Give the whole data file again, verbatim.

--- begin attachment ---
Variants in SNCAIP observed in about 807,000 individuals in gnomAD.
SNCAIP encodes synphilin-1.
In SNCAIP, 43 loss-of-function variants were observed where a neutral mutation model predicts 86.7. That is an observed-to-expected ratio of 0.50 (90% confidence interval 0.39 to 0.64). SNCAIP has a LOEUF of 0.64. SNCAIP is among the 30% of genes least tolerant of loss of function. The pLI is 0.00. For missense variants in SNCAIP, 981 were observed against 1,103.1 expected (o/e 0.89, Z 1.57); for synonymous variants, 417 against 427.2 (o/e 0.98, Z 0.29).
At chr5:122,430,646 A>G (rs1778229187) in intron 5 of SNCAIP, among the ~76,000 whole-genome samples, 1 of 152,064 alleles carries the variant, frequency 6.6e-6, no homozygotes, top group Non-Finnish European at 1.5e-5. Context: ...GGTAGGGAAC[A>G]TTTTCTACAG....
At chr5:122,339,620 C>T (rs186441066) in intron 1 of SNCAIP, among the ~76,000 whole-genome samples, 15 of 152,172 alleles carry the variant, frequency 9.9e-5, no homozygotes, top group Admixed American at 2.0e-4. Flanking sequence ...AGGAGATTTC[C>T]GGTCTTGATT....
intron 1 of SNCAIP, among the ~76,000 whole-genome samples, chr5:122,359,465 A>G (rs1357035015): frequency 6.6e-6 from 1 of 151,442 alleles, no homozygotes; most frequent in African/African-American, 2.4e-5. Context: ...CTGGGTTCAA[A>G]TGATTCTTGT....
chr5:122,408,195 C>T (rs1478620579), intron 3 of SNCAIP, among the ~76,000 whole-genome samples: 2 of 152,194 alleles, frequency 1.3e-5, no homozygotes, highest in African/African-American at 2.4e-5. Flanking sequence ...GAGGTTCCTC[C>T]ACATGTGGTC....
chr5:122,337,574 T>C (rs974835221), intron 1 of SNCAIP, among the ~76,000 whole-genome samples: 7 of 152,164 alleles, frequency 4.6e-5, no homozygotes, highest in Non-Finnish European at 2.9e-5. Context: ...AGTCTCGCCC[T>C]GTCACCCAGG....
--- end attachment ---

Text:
Variants in SNCAIP observed in about 807,000 individuals in gnomAD.
SNCAIP encodes synphilin-1.
In SNCAIP, 43 loss-of-function variants were observed where a neutral mutation model predicts 86.7. That is an observed-to-expected ratio of 0.50 (90% confidence interval 0.39 to 0.64). SNCAIP has a LOEUF of 0.64. SNCAIP is among the 30% of genes least tolerant of loss of function. The pLI is 0.00. For missense variants in SNCAIP, 981 were observed against 1,103.1 expected (o/e 0.89, Z 1.57); for synonymous variants, 417 against 427.2 (o/e 0.98, Z 0.29).
At chr5:122,430,646 A>G (rs1778229187) in intron 5 of SNCAIP, among the ~76,000 whole-genome samples, 1 of 152,064 alleles carries the variant, frequency 6.6e-6, no homozygotes, top group Non-Finnish European at 1.5e-5. Context: ...GGTAGGGAAC[A>G]TTTTCTACAG....
At chr5:122,339,620 C>T (rs186441066) in intron 1 of SNCAIP, among the ~76,000 whole-genome samples, 15 of 152,172 alleles carry the variant, frequency 9.9e-5, no homozygotes, top group Admixed American at 2.0e-4. Flanking sequence ...AGGAGATTTC[C>T]GGTCTTGATT....
intron 1 of SNCAIP, among the ~76,000 whole-genome samples, chr5:122,359,465 A>G (rs1357035015): frequency 6.6e-6 from 1 of 151,442 alleles, no homozygotes; most frequent in African/African-American, 2.4e-5. Context: ...CTGGGTTCAA[A>G]TGATTCTTGT....
chr5:122,408,195 C>T (rs1478620579), intron 3 of SNCAIP, among the ~76,000 whole-genome samples: 2 of 152,194 alleles, frequency 1.3e-5, no homozygotes, highest in African/African-American at 2.4e-5. Flanking sequence ...GAGGTTCCTC[C>T]ACATGTGGTC....
chr5:122,337,574 T>C (rs974835221), intron 1 of SNCAIP, among the ~76,000 whole-genome samples: 7 of 152,164 alleles, frequency 4.6e-5, no homozygotes, highest in Non-Finnish European at 2.9e-5. Context: ...AGTCTCGCCC[T>C]GTCACCCAGG....